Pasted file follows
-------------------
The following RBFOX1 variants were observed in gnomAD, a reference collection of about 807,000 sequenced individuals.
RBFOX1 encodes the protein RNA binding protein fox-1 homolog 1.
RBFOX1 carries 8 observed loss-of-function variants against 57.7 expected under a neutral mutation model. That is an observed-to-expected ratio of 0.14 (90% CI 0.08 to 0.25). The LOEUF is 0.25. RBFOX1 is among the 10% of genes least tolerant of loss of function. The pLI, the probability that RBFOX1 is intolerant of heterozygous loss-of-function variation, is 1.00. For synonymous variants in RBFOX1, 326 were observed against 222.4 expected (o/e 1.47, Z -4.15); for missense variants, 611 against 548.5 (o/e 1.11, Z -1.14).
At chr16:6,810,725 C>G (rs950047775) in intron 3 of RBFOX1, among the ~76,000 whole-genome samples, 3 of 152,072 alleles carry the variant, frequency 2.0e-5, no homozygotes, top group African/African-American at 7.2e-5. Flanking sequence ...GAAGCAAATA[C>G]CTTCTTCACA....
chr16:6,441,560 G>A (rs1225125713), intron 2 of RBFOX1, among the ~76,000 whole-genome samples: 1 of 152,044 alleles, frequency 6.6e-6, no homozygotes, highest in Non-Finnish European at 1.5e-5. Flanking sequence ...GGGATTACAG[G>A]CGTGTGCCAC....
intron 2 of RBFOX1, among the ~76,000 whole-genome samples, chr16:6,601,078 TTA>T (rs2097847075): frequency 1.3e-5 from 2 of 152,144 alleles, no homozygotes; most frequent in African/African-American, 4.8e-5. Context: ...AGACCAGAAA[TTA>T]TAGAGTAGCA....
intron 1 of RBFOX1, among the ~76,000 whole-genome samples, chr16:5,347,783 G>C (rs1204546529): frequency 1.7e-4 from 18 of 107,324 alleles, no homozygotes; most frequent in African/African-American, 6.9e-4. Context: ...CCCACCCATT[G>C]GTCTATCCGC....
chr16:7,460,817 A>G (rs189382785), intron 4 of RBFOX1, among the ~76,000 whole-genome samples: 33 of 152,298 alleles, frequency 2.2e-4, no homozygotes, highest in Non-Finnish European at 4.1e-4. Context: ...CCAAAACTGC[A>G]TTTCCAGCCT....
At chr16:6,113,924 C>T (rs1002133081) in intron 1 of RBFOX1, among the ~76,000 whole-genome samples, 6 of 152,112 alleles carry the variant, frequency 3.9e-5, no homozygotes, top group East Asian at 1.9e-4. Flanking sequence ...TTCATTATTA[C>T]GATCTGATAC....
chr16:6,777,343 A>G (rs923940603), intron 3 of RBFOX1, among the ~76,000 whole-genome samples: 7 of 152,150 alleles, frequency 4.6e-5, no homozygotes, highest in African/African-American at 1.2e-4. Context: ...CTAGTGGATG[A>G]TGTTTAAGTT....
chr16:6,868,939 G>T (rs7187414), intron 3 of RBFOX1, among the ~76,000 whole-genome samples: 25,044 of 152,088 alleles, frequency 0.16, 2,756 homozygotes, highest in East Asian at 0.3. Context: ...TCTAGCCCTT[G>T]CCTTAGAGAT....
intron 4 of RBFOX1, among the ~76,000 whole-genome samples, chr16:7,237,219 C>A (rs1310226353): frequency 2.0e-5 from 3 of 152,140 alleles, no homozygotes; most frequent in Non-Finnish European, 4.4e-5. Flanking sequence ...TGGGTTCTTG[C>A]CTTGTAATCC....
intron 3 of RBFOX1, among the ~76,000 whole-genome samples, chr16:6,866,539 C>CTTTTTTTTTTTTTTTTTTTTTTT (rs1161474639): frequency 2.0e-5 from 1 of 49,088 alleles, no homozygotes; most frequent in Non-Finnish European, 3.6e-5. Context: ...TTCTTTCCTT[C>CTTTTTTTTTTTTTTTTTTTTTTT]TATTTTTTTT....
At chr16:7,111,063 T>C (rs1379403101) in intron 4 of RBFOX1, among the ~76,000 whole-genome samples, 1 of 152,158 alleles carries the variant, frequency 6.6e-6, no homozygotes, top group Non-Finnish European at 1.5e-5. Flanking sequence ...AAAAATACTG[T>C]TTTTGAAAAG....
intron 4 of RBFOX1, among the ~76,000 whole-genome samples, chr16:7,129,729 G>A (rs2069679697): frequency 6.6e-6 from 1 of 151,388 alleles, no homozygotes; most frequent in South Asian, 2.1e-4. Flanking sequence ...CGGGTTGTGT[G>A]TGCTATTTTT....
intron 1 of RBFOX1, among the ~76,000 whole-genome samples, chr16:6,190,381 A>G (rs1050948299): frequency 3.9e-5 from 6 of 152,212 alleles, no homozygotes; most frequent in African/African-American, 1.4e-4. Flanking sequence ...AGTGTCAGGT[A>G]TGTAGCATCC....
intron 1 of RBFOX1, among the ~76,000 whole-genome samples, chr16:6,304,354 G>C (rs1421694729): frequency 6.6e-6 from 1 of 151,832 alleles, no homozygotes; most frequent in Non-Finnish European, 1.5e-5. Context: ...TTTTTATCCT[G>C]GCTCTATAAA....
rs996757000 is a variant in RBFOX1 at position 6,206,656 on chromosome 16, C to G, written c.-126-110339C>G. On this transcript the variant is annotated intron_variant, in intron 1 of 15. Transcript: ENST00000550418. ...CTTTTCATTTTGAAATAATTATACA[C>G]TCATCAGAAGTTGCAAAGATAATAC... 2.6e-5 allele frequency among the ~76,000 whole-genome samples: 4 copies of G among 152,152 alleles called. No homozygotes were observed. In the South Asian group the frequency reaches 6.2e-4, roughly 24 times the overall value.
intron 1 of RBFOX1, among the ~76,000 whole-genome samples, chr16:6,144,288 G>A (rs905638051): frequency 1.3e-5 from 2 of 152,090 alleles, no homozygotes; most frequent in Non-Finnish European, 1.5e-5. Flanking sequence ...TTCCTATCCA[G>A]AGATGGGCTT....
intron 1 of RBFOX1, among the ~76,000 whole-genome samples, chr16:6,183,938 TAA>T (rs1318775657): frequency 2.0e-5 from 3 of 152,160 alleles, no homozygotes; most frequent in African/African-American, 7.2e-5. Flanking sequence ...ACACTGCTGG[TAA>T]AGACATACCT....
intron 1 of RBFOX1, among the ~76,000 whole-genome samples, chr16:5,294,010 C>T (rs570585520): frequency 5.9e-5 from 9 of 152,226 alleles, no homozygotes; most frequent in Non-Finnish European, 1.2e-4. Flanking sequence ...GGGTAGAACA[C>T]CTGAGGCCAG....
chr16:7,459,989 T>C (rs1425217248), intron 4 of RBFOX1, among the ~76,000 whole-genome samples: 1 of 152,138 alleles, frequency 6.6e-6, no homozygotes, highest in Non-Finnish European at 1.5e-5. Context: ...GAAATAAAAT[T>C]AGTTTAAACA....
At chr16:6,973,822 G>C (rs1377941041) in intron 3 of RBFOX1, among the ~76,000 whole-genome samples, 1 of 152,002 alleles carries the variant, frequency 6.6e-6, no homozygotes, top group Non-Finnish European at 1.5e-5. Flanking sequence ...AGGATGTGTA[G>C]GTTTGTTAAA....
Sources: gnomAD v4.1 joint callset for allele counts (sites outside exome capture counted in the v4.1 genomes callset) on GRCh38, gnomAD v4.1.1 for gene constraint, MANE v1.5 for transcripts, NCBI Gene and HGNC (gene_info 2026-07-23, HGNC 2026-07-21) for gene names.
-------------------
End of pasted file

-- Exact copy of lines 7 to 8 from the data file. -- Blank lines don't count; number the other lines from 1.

intron 1 of RBFOX1, among the ~76,000 whole-genome samples, chr16:5,347,783 G>C (rs1204546529): frequency 1.7e-4 from 18 of 107,324 alleles, no homozygotes; most frequent in African/African-American, 6.9e-4. Context: ...CCCACCCATT[G>C]GTCTATCCGC....
chr16:7,460,817 A>G (rs189382785), intron 4 of RBFOX1, among the ~76,000 whole-genome samples: 33 of 152,298 alleles, frequency 2.2e-4, no homozygotes, highest in Non-Finnish European at 4.1e-4. Context: ...CCAAAACTGC[A>G]TTTCCAGCCT....